The terms “plastic surgery” and “cosmetic surgery” are often used interchangeably. Plastic surgery includes both reconstructive surgery and aesthetic surgery. Reconstructive surgery is done to restore a body part that is abnormal due to a trauma/accident or that is abnormal at birth. Some reconstructive surgery can be considered lifesaving or limb-saving. This type of surgery is covered by insurance because it is considered “medically necessary.”
Aesthetic surgery, more commonly known as cosmetic surgery, is surgery done to improve an already normal body part. It is done to improve or enhance the appearance of an already normal body. It is an elective procedure, meaning it is not necessary to save a person’s life. It is normally not covered by insurance because it is not deemed “medically necessary.” Both reconstructive and aesthetic surgery can improve a person’s quality of life, however.
Cosmetic surgery includes only aesthetic surgery. It is surgery done purely for enhancing a body part that has a normal shape and normal function. Of course there is a wide variation to what some people consider normal. For example when it comes to nose size, some noses are smaller and some noses are bigger with a large hump. While some people may not like the appearance of their “big” nose, as long as there is not a breathing problem, the nose is “normal.” Any surgery to make a normal nose look better, known as rhinoplasty, is considered “aesthetic.”
So now that the terms plastic surgery, reconstructive surgery, aesthetic surgery, and cosmetic surgery have been defined, the answer to the difference between a plastic surgeon and a cosmetic surgeon can be answered.
The Path to Becoming A Plastic Surgeon
Only 200 “plastic surgeons” are produced per year at major academic medical centers. There are two paths to becoming a plastic surgeon. The most sought after path is to obtain a highly coveted position as a plastic surgery resident directly after medical school. These programs are known as integrated programs or independent programs. In these types of program, residents train in both general surgery and plastic surgery. Residents learn how to perform both reconstructive and aesthetic (cosmetic) procedures.The second path involves two steps. The first step involves completing a residency in general surgery, otolaryngology, urology, orthopedic surgery, or neurosurgery, or completing an educational program in oral and maxillofacial surgery approved by the American Dental Association. The next step involves applying to a plastic surgery fellowship. As a plastic surgery fellow, both reconstructive and aesthetic surgeries are learned.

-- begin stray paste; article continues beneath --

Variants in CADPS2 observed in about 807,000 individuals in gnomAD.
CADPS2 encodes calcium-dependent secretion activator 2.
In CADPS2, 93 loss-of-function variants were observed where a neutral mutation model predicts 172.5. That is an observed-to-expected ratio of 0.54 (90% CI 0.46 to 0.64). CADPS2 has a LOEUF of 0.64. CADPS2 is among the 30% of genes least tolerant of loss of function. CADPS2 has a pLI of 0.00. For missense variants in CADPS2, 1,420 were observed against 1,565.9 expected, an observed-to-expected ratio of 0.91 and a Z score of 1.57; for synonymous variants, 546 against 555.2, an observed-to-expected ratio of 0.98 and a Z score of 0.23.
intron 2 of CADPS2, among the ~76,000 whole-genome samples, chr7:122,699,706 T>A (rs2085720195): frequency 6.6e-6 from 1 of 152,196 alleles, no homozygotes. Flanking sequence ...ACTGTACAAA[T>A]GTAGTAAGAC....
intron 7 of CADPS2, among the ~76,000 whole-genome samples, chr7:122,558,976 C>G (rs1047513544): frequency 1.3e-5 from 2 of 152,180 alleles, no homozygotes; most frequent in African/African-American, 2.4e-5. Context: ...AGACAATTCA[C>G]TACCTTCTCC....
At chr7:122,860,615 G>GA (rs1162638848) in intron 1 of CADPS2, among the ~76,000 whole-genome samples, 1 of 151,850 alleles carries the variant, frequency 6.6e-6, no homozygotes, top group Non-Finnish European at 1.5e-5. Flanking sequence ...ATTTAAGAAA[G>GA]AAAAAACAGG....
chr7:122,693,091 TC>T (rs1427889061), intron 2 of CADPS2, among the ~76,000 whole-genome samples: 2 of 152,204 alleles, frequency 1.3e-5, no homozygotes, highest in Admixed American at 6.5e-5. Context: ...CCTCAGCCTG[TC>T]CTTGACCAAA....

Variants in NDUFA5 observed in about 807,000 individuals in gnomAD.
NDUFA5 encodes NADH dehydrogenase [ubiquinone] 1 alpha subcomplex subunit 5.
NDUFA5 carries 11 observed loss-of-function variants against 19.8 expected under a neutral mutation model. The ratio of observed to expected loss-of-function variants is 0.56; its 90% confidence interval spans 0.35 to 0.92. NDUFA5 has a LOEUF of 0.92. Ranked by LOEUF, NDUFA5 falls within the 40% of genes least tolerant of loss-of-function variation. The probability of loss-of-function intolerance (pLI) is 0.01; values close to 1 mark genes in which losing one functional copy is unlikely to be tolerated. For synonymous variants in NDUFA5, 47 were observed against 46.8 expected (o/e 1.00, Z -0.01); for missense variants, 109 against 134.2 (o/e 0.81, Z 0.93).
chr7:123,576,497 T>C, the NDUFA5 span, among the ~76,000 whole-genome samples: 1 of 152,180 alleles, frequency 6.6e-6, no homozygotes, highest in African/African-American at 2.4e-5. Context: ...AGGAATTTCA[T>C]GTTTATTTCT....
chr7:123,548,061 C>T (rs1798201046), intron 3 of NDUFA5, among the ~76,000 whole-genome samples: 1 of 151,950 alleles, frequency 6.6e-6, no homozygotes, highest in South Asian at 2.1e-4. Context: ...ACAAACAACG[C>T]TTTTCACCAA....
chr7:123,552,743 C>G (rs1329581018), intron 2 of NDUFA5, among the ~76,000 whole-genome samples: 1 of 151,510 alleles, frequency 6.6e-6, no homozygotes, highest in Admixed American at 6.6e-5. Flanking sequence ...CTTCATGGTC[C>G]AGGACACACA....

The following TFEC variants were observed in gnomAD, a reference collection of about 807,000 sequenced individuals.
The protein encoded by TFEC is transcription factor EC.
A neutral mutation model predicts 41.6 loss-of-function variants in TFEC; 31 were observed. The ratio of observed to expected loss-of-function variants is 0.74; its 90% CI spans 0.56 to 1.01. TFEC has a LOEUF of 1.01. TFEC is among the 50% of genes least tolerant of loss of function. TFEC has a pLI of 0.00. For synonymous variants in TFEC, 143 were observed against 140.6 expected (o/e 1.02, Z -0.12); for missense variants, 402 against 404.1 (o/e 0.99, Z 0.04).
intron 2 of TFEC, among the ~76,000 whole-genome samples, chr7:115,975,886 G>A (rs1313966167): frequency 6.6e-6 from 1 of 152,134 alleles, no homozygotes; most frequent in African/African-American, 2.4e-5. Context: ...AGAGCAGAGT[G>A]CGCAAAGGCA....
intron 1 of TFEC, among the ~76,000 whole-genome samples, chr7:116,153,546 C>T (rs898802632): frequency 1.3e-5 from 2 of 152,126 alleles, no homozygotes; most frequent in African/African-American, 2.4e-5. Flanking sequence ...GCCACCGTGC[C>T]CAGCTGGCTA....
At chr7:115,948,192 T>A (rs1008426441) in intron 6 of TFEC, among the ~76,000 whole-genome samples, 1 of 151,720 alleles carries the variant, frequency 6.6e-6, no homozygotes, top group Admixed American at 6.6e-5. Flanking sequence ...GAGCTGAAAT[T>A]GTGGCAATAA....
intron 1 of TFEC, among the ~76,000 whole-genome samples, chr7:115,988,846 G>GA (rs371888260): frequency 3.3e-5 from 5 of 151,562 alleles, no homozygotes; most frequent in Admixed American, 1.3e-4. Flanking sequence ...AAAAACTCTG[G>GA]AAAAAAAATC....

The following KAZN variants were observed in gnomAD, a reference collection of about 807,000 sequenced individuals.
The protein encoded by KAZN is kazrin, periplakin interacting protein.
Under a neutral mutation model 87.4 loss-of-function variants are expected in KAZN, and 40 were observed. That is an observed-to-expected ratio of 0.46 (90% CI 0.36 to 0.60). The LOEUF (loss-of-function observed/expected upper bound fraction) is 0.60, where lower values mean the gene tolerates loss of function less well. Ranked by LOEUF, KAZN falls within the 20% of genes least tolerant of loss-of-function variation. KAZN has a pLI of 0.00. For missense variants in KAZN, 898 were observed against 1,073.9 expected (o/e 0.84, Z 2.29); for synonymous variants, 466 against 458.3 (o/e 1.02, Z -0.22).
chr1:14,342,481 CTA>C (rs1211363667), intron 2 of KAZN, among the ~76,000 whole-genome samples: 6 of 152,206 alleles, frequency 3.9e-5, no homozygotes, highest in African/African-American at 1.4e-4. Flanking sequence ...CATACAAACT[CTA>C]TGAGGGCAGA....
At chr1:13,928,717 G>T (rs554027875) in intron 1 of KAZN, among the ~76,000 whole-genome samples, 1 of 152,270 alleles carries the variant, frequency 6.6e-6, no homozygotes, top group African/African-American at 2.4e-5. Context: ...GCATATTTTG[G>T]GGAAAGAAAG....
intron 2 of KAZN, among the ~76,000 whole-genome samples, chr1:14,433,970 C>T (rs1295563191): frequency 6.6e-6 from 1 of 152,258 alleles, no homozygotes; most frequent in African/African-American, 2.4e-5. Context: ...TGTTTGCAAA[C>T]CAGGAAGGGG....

The Path to Becoming A Cosmetic Surgeon
For cosmetic surgeons, there is no direct path right after medical school. Similar to the second path for becoming a plastic surgeon, cosmetic surgeons have finished a residency in another discipline. However, unlike the second path for becoming a plastic surgeon, the residency is not necessarily a surgical discipline. There are many skilled cosmetic surgeons who have completed a general surgery residency and then gone on to complete a fellowship in cosmetic surgery. However, there are also cosmetic surgeons who were first family practitioners, obstetricians, gynecologists, dermatologists, etc. who decided that they wanted to dabble in the world of cosmetic surgery. Some have completed cosmetic surgery fellowships. Others have not undergone any rigorous training at all, yet have deemed themselves “cosmetic surgeons” after taking some weekend courses in Botox injection, liposuction, tummy tucks, etc. And this is where the problem starts.
Who Can Perform Plastic Surgery?
Who can perform plastic surgery and who should perform plastic surgery are two totally different concepts. It is a common misconception is that only a plastic surgeon can legally perform plastic surgery. In actuality, any doctor with a valid doctor of medicine degree can practice in any field of medicine. Many doctors will claim that they can perform cosmetic surgery, but they are not licensed plastic surgeons or cosmetic surgeons. They have not endured rigorous training. A well-trained plastic surgeon or cosmetic surgeon will have no reservations about revealing their training history. Beware of the surgeon who is not forthcoming in disclosing where s/he underwent his or her training, the duration of the training, and whether or not the program they trained at was an accredited program.
It is one thing to be able to perform a procedure. It is quite another thing to also be able to take care of a complication from a procedure. That is why having a plastic or cosmetic surgeon with legitimate training is so very important. Legitimate training programs expose their trainees to the good, the bad, and the ugly. “Cosmetic surgeons” who have only taken courses in aesthetic procedures, and have not undergone years of training, may not be fully versed in how to deal with the complications of the procedures they are performing.
In summary, when it comes to aesthetic surgery, it is prudent to know the educational background of who is operating on your body. For one, the change you seek is elective (not medically necessary) and two, the change you are seeking will likely be permanent.